The National Conference of State Legislatures (NCSL) has released its review of state environmental health legislation for 2018.
In 2018, state legislatures introduced 3,486 bills relating to environmental health, enacting 686 of them. This is the most bills on environmental health NCSL has seen since it began tracking the issue in 2012.
Bills on environmental health have almost doubled in the past seven years.
The most common environmental health issue addressed by state legislatures was toxins and chemicals. The 46 legislatures in session in 2018 (Montana, Nevada, North Dakota and Texas did not hold sessions) introduced 889 pieces of legislation regarding toxins and chemicals, enacting 226. The foremost issue was lead hazards, with 19 states passing 40 bills on lead.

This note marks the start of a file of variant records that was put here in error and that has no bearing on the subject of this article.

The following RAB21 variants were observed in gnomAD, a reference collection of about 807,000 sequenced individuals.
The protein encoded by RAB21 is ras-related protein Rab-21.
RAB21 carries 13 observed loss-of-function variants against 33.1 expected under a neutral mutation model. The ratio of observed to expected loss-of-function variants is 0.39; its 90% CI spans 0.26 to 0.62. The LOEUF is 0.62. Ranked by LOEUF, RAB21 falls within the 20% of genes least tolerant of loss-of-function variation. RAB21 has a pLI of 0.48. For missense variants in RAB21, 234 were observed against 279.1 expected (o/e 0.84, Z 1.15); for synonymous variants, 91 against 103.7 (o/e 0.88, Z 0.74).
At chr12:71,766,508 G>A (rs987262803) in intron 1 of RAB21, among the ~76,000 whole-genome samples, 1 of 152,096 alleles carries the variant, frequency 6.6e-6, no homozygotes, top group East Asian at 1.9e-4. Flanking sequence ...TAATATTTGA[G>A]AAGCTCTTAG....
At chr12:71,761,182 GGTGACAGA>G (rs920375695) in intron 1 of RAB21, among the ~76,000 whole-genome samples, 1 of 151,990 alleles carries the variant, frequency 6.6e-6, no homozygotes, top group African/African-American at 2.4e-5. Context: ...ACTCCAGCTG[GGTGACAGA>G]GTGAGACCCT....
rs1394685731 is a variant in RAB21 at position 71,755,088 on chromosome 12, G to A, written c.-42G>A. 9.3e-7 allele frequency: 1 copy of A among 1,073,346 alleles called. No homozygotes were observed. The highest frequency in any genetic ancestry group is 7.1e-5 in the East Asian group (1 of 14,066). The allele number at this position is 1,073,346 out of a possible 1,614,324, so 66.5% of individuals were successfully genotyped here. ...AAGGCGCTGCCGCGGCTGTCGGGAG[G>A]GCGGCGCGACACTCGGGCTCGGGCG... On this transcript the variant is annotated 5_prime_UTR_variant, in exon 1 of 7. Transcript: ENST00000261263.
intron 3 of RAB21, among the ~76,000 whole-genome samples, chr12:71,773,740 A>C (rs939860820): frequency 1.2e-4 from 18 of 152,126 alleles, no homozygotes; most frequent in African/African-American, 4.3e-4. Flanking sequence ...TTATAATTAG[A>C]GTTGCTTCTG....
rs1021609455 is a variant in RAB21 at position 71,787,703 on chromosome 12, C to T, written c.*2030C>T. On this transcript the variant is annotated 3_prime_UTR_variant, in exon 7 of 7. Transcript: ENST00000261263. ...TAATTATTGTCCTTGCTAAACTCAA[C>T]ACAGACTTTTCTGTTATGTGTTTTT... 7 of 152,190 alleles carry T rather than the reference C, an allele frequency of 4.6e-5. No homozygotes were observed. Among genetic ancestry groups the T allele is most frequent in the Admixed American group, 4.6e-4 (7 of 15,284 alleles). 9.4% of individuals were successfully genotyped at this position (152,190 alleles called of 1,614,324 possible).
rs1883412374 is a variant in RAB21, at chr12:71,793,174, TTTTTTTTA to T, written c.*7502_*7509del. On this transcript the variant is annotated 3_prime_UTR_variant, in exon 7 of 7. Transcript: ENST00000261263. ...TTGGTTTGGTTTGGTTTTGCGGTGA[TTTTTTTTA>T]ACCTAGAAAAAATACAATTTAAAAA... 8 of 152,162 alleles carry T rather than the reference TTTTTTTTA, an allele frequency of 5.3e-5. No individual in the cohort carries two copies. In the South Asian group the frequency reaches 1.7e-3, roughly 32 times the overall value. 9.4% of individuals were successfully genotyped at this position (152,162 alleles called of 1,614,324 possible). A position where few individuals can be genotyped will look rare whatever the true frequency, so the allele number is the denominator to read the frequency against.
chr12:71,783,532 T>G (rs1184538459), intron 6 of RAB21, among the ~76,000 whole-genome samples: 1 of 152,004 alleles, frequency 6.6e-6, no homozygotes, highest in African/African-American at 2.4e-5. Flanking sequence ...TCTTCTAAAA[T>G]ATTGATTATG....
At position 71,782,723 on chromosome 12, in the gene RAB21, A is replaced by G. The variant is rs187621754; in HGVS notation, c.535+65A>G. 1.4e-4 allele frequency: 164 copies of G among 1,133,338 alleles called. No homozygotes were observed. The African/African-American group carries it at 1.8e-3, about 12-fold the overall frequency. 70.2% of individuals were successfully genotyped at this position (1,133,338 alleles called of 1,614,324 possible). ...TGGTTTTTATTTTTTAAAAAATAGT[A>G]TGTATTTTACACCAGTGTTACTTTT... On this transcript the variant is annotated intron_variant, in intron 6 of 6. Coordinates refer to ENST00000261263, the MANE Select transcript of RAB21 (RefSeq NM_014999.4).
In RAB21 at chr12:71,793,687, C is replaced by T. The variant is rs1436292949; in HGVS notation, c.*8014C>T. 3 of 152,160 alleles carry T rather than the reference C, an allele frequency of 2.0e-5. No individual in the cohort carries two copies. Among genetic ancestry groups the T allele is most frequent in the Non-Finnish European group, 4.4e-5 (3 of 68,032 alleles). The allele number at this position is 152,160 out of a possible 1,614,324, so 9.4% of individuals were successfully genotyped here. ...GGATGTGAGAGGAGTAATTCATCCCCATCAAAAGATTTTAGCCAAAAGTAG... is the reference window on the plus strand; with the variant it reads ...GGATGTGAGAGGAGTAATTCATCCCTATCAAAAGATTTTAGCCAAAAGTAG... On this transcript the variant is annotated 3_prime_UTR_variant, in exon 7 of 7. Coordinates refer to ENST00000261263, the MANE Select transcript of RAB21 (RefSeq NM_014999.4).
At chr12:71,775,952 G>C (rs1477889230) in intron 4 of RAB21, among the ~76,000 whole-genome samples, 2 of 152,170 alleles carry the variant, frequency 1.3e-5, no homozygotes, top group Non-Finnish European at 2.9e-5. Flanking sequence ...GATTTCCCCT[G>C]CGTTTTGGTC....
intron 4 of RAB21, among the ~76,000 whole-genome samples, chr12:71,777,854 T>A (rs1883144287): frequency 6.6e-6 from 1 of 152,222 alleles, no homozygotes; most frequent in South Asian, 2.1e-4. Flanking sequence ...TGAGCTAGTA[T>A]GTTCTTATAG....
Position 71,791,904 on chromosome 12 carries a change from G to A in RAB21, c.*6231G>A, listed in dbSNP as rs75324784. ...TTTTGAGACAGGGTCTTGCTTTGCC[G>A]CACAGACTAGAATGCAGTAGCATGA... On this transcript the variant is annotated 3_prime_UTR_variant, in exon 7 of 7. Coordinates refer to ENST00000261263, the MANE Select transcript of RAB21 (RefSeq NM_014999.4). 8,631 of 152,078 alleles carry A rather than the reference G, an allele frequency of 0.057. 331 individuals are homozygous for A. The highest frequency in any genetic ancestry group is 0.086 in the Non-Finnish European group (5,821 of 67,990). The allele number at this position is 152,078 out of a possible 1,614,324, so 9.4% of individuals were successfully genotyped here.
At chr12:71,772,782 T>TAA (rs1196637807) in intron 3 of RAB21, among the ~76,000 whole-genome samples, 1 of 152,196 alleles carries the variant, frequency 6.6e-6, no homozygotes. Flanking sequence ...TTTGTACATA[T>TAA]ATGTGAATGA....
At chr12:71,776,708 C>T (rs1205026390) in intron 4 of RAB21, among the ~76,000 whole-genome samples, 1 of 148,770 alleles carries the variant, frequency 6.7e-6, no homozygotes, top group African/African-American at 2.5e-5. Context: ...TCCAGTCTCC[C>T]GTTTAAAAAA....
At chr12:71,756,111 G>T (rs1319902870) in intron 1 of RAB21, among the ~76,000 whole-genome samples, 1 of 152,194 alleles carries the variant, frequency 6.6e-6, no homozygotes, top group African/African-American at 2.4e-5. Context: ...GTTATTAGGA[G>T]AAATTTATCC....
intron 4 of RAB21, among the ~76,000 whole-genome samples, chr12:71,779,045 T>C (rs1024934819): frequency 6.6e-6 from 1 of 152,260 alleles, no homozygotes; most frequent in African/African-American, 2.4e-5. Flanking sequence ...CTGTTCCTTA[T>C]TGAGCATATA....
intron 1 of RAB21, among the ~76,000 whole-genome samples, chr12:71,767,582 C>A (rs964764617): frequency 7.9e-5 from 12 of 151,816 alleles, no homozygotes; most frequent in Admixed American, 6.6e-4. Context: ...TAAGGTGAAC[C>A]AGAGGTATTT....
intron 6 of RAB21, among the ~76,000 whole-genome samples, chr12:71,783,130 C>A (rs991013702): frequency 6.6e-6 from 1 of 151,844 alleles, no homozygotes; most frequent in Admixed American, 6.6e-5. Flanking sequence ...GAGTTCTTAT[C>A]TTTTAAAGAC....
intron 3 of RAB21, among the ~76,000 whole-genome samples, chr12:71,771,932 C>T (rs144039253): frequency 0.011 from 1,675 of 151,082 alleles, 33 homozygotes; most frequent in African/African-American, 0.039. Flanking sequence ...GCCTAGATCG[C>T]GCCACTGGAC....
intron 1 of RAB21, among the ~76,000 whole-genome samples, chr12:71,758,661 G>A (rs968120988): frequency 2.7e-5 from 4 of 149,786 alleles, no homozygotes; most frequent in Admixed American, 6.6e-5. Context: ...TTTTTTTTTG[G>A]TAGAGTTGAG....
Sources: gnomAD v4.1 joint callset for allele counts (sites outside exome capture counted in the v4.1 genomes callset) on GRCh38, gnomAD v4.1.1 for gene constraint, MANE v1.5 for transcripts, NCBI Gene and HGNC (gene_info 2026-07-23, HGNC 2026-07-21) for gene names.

Not far behind was the issue of food safety, with states enacting or adopting 188 of 898 bills introduced.
Drinking water was the third most popular issue, with 595 bills introduced and 109 enacted. California alone enacted 29 bills relating to drinking water. Legislation on perfluorochemicals (PFAS) in drinking water was adopted in Michigan, North Carolina, New Hampshire, New York, Vermont and Washington.
States enacted 130 bills on wastewater. Colorado enacted laws allowing the reuse of graywater. Hawaii enacted several bills regarding cesspools in the state. Maine enacted five bills related to wastewater, Maryland enacted 10, North Carolina enacted four and Virginia five.
Since 2012, states have introduced 22,727 bills relating to environmental health.